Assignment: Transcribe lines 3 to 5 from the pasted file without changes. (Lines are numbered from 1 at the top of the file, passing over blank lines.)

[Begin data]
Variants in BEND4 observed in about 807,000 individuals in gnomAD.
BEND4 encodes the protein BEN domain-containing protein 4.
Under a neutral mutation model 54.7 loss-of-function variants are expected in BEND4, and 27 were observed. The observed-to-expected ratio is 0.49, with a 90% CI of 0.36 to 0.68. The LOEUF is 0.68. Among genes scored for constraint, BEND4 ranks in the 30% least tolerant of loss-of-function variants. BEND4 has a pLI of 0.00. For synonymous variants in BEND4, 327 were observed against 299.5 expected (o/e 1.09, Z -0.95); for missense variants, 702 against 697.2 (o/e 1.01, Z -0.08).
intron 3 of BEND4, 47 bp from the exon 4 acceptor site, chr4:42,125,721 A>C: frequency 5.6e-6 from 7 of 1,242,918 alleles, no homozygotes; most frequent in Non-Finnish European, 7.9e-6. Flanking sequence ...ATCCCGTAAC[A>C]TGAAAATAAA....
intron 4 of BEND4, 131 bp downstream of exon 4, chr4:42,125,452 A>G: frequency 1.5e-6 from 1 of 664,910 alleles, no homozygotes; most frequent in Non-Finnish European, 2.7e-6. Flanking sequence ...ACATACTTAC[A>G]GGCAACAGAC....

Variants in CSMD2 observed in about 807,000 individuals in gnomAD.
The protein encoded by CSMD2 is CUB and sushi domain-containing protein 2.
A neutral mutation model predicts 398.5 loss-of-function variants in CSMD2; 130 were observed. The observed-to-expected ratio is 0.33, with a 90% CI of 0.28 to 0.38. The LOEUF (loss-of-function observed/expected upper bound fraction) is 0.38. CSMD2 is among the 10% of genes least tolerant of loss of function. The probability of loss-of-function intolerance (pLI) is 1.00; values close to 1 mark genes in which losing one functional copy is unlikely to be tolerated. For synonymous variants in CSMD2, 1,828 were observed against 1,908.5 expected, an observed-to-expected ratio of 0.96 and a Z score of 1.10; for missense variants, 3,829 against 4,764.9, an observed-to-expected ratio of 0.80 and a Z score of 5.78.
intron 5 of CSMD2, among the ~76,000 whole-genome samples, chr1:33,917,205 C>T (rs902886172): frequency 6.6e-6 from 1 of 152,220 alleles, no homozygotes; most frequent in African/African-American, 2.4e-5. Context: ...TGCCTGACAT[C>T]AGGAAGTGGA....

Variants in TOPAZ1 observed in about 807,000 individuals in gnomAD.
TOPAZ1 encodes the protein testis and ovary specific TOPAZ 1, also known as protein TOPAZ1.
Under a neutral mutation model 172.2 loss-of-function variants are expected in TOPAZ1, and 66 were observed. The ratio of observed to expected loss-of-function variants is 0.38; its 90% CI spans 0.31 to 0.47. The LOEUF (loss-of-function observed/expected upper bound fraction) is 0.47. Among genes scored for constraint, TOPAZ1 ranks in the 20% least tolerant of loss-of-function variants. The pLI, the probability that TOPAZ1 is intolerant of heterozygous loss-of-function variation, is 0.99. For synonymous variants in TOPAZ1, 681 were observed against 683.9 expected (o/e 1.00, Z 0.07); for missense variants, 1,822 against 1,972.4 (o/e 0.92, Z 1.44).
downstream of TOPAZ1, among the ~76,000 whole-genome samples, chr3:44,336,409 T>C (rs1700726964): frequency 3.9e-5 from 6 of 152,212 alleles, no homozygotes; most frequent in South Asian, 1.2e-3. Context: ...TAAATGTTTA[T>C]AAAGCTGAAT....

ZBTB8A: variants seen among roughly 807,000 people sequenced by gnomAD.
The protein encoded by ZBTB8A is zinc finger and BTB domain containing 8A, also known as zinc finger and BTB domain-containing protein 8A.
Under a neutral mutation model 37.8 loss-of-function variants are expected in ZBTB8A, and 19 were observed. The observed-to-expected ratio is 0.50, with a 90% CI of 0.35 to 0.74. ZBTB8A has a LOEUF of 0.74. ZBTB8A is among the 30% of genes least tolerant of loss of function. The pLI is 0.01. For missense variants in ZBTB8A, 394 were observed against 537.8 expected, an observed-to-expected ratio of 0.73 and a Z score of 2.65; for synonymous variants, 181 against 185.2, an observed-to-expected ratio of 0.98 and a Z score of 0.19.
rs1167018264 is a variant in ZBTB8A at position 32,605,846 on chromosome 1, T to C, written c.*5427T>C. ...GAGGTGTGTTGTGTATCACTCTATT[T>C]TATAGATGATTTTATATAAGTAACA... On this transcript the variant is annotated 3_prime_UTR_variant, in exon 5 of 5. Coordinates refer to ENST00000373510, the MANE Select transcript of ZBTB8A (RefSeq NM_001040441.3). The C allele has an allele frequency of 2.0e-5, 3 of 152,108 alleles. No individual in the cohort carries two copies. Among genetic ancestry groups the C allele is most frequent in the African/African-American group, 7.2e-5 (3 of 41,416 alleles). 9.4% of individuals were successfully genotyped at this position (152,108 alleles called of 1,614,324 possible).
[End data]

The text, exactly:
Under a neutral mutation model 54.7 loss-of-function variants are expected in BEND4, and 27 were observed. The observed-to-expected ratio is 0.49, with a 90% CI of 0.36 to 0.68. The LOEUF is 0.68. Among genes scored for constraint, BEND4 ranks in the 30% least tolerant of loss-of-function variants. BEND4 has a pLI of 0.00. For synonymous variants in BEND4, 327 were observed against 299.5 expected (o/e 1.09, Z -0.95); for missense variants, 702 against 697.2 (o/e 1.01, Z -0.08).
intron 3 of BEND4, 47 bp from the exon 4 acceptor site, chr4:42,125,721 A>C: frequency 5.6e-6 from 7 of 1,242,918 alleles, no homozygotes; most frequent in Non-Finnish European, 7.9e-6. Flanking sequence ...ATCCCGTAAC[A>C]TGAAAATAAA....
intron 4 of BEND4, 131 bp downstream of exon 4, chr4:42,125,452 A>G: frequency 1.5e-6 from 1 of 664,910 alleles, no homozygotes; most frequent in Non-Finnish European, 2.7e-6. Flanking sequence ...ACATACTTAC[A>G]GGCAACAGAC....